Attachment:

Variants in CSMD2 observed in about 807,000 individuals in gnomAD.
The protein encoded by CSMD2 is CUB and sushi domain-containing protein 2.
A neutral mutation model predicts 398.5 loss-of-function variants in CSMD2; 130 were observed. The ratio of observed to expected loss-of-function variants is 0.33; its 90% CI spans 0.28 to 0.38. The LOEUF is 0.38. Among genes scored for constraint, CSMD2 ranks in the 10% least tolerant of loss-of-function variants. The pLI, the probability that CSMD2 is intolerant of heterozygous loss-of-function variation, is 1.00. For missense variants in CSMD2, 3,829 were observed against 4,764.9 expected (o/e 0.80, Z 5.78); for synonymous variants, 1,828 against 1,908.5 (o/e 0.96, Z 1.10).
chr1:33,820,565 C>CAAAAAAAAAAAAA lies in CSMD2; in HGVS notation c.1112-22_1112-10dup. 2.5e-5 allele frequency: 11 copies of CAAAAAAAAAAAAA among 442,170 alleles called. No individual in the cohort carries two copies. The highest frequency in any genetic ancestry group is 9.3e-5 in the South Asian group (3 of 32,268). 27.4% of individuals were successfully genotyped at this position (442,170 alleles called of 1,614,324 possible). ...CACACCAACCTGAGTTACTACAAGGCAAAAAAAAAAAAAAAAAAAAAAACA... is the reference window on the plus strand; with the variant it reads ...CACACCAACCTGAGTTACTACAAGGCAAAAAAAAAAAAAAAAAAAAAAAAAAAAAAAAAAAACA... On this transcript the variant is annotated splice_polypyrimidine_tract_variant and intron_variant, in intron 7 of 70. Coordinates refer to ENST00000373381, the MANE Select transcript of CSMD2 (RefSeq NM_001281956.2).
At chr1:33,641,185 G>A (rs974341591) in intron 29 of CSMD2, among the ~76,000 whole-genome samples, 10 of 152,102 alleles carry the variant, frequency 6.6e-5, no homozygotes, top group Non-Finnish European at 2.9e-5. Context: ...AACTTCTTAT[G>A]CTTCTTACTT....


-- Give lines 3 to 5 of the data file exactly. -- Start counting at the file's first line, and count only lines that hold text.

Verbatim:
A neutral mutation model predicts 398.5 loss-of-function variants in CSMD2; 130 were observed. The ratio of observed to expected loss-of-function variants is 0.33; its 90% CI spans 0.28 to 0.38. The LOEUF is 0.38. Among genes scored for constraint, CSMD2 ranks in the 10% least tolerant of loss-of-function variants. The pLI, the probability that CSMD2 is intolerant of heterozygous loss-of-function variation, is 1.00. For missense variants in CSMD2, 3,829 were observed against 4,764.9 expected (o/e 0.80, Z 5.78); for synonymous variants, 1,828 against 1,908.5 (o/e 0.96, Z 1.10).
chr1:33,820,565 C>CAAAAAAAAAAAAA lies in CSMD2; in HGVS notation c.1112-22_1112-10dup. 2.5e-5 allele frequency: 11 copies of CAAAAAAAAAAAAA among 442,170 alleles called. No individual in the cohort carries two copies. The highest frequency in any genetic ancestry group is 9.3e-5 in the South Asian group (3 of 32,268). 27.4% of individuals were successfully genotyped at this position (442,170 alleles called of 1,614,324 possible). ...CACACCAACCTGAGTTACTACAAGGCAAAAAAAAAAAAAAAAAAAAAAACA... is the reference window on the plus strand; with the variant it reads ...CACACCAACCTGAGTTACTACAAGGCAAAAAAAAAAAAAAAAAAAAAAAAAAAAAAAAAAAACA... On this transcript the variant is annotated splice_polypyrimidine_tract_variant and intron_variant, in intron 7 of 70. Coordinates refer to ENST00000373381, the MANE Select transcript of CSMD2 (RefSeq NM_001281956.2).
At chr1:33,641,185 G>A (rs974341591) in intron 29 of CSMD2, among the ~76,000 whole-genome samples, 10 of 152,102 alleles carry the variant, frequency 6.6e-5, no homozygotes, top group Non-Finnish European at 2.9e-5. Context: ...AACTTCTTAT[G>A]CTTCTTACTT....